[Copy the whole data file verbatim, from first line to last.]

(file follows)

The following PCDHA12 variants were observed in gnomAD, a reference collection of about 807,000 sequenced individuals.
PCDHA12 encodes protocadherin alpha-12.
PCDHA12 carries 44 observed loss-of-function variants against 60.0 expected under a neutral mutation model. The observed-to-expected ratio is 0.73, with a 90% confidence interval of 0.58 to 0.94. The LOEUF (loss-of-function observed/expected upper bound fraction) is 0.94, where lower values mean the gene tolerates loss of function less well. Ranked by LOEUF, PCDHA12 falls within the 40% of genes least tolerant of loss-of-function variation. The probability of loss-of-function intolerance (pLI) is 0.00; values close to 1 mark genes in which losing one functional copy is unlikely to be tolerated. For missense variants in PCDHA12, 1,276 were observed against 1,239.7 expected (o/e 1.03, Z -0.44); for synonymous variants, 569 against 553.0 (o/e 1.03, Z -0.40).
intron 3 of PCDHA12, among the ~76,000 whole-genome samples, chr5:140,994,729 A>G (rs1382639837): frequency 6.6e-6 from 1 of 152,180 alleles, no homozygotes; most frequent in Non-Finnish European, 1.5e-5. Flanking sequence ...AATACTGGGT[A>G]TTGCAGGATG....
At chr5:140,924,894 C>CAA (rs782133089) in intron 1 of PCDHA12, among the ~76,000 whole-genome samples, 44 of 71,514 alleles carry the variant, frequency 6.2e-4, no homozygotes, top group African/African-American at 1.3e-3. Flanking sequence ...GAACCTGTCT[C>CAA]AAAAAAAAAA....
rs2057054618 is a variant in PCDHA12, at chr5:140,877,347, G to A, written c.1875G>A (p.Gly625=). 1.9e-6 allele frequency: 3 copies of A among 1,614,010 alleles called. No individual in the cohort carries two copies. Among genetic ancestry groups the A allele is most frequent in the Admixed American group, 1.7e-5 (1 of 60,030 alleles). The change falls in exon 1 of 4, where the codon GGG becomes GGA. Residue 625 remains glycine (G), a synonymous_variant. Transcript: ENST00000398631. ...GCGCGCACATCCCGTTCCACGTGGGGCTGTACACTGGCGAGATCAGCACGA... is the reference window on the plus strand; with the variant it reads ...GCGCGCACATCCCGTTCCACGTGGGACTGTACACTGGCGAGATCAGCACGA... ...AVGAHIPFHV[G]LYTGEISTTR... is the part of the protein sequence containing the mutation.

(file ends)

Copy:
The following PCDHA12 variants were observed in gnomAD, a reference collection of about 807,000 sequenced individuals.
PCDHA12 encodes protocadherin alpha-12.
PCDHA12 carries 44 observed loss-of-function variants against 60.0 expected under a neutral mutation model. The observed-to-expected ratio is 0.73, with a 90% confidence interval of 0.58 to 0.94. The LOEUF (loss-of-function observed/expected upper bound fraction) is 0.94, where lower values mean the gene tolerates loss of function less well. Ranked by LOEUF, PCDHA12 falls within the 40% of genes least tolerant of loss-of-function variation. The probability of loss-of-function intolerance (pLI) is 0.00; values close to 1 mark genes in which losing one functional copy is unlikely to be tolerated. For missense variants in PCDHA12, 1,276 were observed against 1,239.7 expected (o/e 1.03, Z -0.44); for synonymous variants, 569 against 553.0 (o/e 1.03, Z -0.40).
intron 3 of PCDHA12, among the ~76,000 whole-genome samples, chr5:140,994,729 A>G (rs1382639837): frequency 6.6e-6 from 1 of 152,180 alleles, no homozygotes; most frequent in Non-Finnish European, 1.5e-5. Flanking sequence ...AATACTGGGT[A>G]TTGCAGGATG....
At chr5:140,924,894 C>CAA (rs782133089) in intron 1 of PCDHA12, among the ~76,000 whole-genome samples, 44 of 71,514 alleles carry the variant, frequency 6.2e-4, no homozygotes, top group African/African-American at 1.3e-3. Flanking sequence ...GAACCTGTCT[C>CAA]AAAAAAAAAA....
rs2057054618 is a variant in PCDHA12, at chr5:140,877,347, G to A, written c.1875G>A (p.Gly625=). 1.9e-6 allele frequency: 3 copies of A among 1,614,010 alleles called. No individual in the cohort carries two copies. Among genetic ancestry groups the A allele is most frequent in the Admixed American group, 1.7e-5 (1 of 60,030 alleles). The change falls in exon 1 of 4, where the codon GGG becomes GGA. Residue 625 remains glycine (G), a synonymous_variant. Transcript: ENST00000398631. ...GCGCGCACATCCCGTTCCACGTGGGGCTGTACACTGGCGAGATCAGCACGA... is the reference window on the plus strand; with the variant it reads ...GCGCGCACATCCCGTTCCACGTGGGACTGTACACTGGCGAGATCAGCACGA... ...AVGAHIPFHV[G]LYTGEISTTR... is the part of the protein sequence containing the mutation.